(Po*lit"i*cal*ism) n. Zeal or party spirit in politics.

(Po*lit"i*cal*ly), adv.

1. In a political manner.

2. Politicly; artfully. [Obs.] Knolles.

(Po*lit"i*cas`ter) n. [Cf. It. politicastro.] A petty politician; a pretender in politics. Milton.

(Pol`i*ti"cian) n. [Cf. F. politicien.]

1. One versed or experienced in the science of government; one devoted to politics; a statesman.

While empiric politicians use deceit.

2. One primarily devoted to his own advancement in public office, or to the success of a political party; — used in a depreciatory sense; one addicted or attached to politics as managed by parties (see Politics, 2); a schemer; an intriguer; as, a mere politician.

Like a scurvy politician, seem
To see the things thou dost not.

The politician . . . ready to do anything that he apprehends for his advantage.

(Pol`i*ti"cian), a. Cunning; using artifice; politic; artful. "Ill-meaning politician lords." Milton.

(Po*lit"i*cist) n. A political writer. [R.]

(Pol"i*tic*ly) adv. In a politic manner; sagaciously; shrewdly; artfully. Pope.

(Pol"i*tics) n. [Cf. F. politique, Gr. See Politic.]

1. The science of government; that part of ethics which has to do with the regulation and government of a nation or state, the preservation of its safety, peace, and prosperity, the defense of its existence and rights against foreign control or conquest, the augmentation of its strength and resources, and the protection of its citizens in their rights, with the preservation and improvement of their morals.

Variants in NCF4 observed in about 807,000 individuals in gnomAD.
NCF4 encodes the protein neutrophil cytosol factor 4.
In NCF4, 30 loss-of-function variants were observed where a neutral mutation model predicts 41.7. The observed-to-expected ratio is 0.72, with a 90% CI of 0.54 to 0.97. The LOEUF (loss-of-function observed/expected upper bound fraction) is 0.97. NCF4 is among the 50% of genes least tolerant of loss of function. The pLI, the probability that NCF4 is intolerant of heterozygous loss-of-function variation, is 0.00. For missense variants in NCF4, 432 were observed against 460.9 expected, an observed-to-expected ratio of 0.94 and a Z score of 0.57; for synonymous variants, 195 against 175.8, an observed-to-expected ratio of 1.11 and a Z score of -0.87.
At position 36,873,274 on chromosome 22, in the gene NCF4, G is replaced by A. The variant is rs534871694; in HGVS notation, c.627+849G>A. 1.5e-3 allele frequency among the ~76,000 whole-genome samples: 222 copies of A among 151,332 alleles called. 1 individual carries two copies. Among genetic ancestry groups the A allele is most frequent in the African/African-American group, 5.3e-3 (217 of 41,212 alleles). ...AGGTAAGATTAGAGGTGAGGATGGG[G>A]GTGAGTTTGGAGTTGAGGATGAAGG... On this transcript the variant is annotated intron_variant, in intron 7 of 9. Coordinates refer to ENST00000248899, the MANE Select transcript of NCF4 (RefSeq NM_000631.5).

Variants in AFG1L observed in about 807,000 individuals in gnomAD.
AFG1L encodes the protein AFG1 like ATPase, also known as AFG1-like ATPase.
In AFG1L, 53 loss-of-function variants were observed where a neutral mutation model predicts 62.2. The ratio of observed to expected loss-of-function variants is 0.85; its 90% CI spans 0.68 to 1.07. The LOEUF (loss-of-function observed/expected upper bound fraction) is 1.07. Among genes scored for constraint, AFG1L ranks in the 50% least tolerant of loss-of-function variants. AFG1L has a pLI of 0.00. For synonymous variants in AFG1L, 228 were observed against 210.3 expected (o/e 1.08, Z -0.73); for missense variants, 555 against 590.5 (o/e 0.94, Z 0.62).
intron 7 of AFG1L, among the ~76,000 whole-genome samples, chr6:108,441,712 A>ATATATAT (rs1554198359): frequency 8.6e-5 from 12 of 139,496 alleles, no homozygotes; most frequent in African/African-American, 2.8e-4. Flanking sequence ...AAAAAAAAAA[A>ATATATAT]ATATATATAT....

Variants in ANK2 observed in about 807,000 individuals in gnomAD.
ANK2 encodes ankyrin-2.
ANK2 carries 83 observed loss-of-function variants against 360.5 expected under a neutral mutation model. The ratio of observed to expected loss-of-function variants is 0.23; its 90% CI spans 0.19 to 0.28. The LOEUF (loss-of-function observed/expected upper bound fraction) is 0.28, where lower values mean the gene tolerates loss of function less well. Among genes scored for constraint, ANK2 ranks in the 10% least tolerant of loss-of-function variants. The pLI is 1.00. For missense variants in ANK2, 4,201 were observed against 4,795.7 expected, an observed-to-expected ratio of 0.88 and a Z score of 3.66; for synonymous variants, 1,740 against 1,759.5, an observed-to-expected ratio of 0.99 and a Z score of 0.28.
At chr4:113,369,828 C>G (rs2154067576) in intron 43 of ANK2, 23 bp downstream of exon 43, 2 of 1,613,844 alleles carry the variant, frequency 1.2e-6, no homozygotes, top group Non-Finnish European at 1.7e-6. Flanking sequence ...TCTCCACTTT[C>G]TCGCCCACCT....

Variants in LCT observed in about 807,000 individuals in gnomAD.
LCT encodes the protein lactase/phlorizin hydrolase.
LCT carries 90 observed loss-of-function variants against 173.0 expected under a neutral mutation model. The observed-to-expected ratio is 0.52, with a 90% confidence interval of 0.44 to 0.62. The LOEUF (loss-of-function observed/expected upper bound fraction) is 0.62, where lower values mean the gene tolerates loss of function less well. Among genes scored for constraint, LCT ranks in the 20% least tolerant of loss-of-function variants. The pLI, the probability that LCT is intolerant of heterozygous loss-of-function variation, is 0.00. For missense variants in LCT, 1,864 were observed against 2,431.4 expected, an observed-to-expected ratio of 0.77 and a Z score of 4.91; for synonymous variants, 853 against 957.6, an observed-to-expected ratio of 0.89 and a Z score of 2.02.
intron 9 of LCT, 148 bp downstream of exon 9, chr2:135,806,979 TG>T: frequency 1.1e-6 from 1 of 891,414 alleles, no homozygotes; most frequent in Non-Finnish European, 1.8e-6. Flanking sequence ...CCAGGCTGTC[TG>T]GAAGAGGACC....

2. The management of a political party; the conduct and contests of parties with reference to political measures or the administration of public affairs; the advancement of candidates to office; in a bad sense, artful or dishonest management to secure the success of political candidates or parties; political trickery.

When we say that two men are talking politics, we often mean that they are wrangling about some mere party question.
F. W. Robertson.

(Pol"i*tize) v. i. To play the politician; to dispute as politicians do. [Obs.] Milton.

(Pol"i*ture) n. [L. politura, fr. polire to polish. See Polish, v.] Polish; gloss. [Obs.] Donne.

(Pol"i*ty) n.; pl. Polities [L. politia, Gr. : cf. F. politie. See 1st Policy, Police.]

1. The form or constitution of the civil government of a nation or state; the framework or organization by which the various departments of government are combined into a systematic whole. Blackstone. Hooker.

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